By Eudoxia Augoustinou
Undoubtedly the year 1940 belongs to all the Greeks. Our people then were all united as a single soul, without any hesitation, in its stand against the raging torrent of Fascism and Nazism. Hence, the Church would not be absent from this titanic battle, which began on Monday October 28th in the year 1940, whose role today is permanently and systematically ignored or suppressed. And, as always, so also in 1940, the Church quickly acted with recorded acts of heroism and resistance, and became once again the guardian angel of a hurting people and an enclave of salvation.
With the declaration of war, the Holy Synod, chaired by Archbishop Chrysanthos of Athens, issued a proclamation to the people: "The Church blesses the sacred weapons and has confidence that the children of our Nation are inclined to obey Her call as well as that of God, hastening with one soul and heart to fight on behalf of our altars and hearths and freedom and honor ... and they will be honored with a beautiful death rather than an ugly life of slavery... Let us cast our worries upon the Lord."
Then, without delay, eighty-four clerics of all ranks abandoned their urgent obligations and their ministry to climb, without ever turning back, the mountains of Northern Epirus, to strengthen the Greek soldiers with their fiery sermons, confession and the Divine Liturgy. They went along with them to glory, but also to pain and death. How many times did they refresh the dry lips of soldiers, wipe away their tears and sweat, comforting the heroes as if they were their own? They also adorned the dead and buried the lion-hearted ones who sacrificed themselves on the battlefield.
And when in April of 1941 the Germans entered victoriously into Greece, it was again the Church that carried the heavy burden to rescue the people. The first to raise the flag of resistance was "the supreme spiritual leader", Archbishop Chrysanthos of Athens. He refused to participate in delivering Athens to the City Commissioners; he refused to perform a Doxology in the Cathedral of Athens; he refused to swear in the occupying government of Tsolakoglou - at the cost of being removed from his throne.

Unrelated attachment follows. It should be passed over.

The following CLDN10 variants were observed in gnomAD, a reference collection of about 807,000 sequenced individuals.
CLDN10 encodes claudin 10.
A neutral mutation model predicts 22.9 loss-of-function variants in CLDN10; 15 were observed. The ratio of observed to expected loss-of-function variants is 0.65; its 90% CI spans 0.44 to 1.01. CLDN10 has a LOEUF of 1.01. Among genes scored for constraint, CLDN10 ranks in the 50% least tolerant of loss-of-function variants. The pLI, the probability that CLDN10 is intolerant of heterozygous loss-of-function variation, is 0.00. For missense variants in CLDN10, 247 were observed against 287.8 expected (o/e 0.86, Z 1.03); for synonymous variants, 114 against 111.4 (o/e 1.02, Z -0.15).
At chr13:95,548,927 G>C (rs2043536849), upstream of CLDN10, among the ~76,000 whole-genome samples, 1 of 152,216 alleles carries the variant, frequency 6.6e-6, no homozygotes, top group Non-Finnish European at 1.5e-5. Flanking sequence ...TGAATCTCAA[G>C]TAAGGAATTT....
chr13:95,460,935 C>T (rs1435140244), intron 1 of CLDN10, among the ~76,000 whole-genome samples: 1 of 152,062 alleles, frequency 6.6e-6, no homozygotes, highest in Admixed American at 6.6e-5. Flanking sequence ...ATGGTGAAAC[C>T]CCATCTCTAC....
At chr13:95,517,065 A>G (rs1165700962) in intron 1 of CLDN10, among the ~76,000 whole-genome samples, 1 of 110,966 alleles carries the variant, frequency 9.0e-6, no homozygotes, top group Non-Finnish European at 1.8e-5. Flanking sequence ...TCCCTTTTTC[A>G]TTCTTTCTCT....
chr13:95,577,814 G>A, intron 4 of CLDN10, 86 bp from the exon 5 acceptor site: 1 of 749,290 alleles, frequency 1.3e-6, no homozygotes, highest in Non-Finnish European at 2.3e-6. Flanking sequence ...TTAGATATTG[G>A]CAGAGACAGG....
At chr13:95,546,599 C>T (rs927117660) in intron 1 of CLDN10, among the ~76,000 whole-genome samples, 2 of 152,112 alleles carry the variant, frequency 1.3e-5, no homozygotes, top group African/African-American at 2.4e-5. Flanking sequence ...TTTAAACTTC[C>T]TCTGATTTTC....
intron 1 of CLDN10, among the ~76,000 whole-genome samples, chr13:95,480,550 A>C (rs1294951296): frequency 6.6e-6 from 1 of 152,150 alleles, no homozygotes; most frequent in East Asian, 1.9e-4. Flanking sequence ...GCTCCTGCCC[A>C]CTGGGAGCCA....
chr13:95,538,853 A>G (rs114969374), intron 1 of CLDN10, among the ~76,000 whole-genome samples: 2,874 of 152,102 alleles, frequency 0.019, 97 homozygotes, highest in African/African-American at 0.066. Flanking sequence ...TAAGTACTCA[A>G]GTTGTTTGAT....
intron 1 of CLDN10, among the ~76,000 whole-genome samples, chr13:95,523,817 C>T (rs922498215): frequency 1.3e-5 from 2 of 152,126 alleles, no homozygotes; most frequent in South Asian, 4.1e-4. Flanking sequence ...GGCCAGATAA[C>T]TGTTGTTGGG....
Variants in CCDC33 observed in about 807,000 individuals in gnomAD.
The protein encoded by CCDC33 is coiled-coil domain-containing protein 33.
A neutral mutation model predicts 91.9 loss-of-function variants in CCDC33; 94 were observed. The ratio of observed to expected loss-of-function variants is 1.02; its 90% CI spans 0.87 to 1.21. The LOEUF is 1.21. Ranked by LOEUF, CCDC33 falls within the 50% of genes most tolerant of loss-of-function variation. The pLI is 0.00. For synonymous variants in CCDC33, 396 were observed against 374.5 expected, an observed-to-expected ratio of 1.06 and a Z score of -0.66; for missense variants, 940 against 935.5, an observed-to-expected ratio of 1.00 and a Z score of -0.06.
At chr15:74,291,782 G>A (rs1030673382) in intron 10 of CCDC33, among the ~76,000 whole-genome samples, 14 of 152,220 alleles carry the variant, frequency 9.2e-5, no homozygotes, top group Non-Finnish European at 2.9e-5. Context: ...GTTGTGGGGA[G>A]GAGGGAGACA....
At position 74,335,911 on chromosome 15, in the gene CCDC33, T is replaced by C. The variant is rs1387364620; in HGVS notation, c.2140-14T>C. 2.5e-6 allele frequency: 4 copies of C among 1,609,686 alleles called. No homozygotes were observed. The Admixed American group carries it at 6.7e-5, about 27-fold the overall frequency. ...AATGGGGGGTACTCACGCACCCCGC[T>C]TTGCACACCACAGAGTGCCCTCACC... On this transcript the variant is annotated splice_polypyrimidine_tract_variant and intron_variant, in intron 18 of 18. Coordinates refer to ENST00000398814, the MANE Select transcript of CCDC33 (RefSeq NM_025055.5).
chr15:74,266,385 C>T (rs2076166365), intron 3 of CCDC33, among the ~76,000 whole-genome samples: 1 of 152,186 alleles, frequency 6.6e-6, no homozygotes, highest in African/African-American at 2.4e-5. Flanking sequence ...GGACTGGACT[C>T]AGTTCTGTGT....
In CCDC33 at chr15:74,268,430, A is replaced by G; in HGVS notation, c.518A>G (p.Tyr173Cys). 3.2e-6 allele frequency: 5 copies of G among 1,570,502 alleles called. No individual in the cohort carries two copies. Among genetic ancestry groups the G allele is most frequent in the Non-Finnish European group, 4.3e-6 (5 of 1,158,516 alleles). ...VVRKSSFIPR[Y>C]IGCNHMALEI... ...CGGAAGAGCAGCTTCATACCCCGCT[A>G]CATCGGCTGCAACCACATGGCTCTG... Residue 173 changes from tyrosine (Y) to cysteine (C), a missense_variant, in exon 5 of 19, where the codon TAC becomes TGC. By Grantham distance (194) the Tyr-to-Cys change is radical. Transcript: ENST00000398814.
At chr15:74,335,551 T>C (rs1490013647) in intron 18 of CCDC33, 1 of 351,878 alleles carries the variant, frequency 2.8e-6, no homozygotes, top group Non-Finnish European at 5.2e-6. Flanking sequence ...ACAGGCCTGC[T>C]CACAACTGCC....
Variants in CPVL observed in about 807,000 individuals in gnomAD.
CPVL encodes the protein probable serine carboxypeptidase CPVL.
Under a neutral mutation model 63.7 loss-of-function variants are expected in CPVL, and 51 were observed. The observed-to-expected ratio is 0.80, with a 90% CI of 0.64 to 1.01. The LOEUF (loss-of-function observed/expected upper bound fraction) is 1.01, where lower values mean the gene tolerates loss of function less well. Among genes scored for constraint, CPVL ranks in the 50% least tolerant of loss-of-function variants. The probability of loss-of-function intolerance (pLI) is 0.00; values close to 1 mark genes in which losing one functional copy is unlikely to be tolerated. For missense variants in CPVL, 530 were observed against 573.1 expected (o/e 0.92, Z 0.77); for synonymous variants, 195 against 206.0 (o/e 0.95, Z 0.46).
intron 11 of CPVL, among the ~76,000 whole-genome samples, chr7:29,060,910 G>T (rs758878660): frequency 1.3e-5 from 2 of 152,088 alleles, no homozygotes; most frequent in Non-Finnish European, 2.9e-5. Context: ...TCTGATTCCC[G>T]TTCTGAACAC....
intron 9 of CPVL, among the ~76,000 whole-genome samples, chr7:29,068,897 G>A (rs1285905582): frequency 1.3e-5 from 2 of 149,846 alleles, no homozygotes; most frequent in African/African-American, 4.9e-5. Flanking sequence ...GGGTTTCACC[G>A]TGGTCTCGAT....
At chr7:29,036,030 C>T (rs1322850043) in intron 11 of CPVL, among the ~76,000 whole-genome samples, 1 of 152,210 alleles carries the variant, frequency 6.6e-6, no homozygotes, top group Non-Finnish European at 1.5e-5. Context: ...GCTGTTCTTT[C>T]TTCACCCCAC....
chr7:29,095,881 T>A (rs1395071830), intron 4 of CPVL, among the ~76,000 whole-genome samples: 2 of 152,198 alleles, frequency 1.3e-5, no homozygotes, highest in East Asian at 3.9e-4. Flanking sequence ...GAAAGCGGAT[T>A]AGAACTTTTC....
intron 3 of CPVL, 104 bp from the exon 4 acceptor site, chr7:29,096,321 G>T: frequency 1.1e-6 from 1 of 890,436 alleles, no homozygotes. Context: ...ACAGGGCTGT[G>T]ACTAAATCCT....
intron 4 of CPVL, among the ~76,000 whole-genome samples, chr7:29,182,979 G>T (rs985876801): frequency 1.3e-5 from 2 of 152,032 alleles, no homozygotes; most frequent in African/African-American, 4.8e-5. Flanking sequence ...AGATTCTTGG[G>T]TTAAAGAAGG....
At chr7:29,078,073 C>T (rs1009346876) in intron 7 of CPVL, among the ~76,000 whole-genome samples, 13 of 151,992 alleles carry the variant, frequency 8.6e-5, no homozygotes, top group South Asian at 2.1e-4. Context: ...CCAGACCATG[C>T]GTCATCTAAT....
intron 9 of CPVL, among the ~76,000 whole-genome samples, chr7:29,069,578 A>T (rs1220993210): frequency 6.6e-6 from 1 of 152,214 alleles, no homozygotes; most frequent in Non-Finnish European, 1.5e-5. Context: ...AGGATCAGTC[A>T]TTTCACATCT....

His successor was the "caring and rigid patriot" Damaskinos, who proved to be a great personality and leader. He founded the Greek Organization of Christian Solidarity (Ε.Ο.Χ.Α.) and issued a desperate appeal to the Red Cross worldwide to send aid to the suffering Greek people.
Walking along the paths of history we reverently bow our heads before the greatness of our fathers:
The courageous Metropolitan Spyridon Vlachos of Ioannina, who from the first moment was in Metopos, and entered first with soldiers into liberated Argyrokastro Castle.
Metropolitan Iakovos I of Mytilene who, when the Germans entered the town of Mytilene, before the highest German military commander, said that he was appointed by God to protect his flock.
Metropolitan Joachim of Demetriados who, after the bombing of Volos, remained there to suffer with the people of God trying to inspire them.
Metropolitan Gennadios of Thessaloniki who, at the requirement of the military commander to show him hostages, approached the German commander with certain priests and said: "We are the requested hostages."
How much also does Aigio owe Archimandrite Constantine Chronis (later Metropolitan of Alexandroupolis), who saved them from complete destruction when the German military commander threatened them after the slaughter of Kalavryta.
The later Metropolitan Dionysios Haralambous of Trikkis and Stagon, while he was detained in a concentration camp of the Germans called "Pavlos Melas" in Thessaloniki, secured the possibility of his release. He did not take it. Rather he stayed with the other inmates, in order to support them. He was taken to Auschwitz and "came close to death".
Archimandrite Dionysios Papanikolopoulos, later Metropolitan of Edessa and Pella, on Holy Thursday in 1941, after fiery words, managed to save from the bombings and extinction the historic battleship "Averof".
But also "the Church of Crete", writes Stephanos Mylonakis, "never was absent from acts of patriotism, sacrifices and holocausts ... rather ... they were immediately found in the ramparts and bastions of their beloved homeland ... We see there bishops who suffered and were imprisoned, who never yielded or retreated."
Monasteries also vigorously participated in our struggles, always standing up to the waves of barbarian attacks. Some were destroyed by the conquerors, and were looted, burned, blown up, or payed the heavy tax of blood. In particular we mention the Monasteries of Mount Athos, Hydra, the Holy Forty Martyrs in Sparta, Damastas in Lamia, the Great Cave and Holy Lavra in Kalavryta, and Vella in Ioannina which converted into a hospital.
Endless are the biographies of our ethnomartyr clergy, who fought in order for us to breath the air of freedom!
However, for the many sacrifices and self-emptying suffered by the Church, for the sake of our Nation, it is constantly humiliated and questioned by those who for reasons of justice owe their gratitude. May God forgive us for our folly and dire mistakes.
Source: Translated by John Sanidopoulos.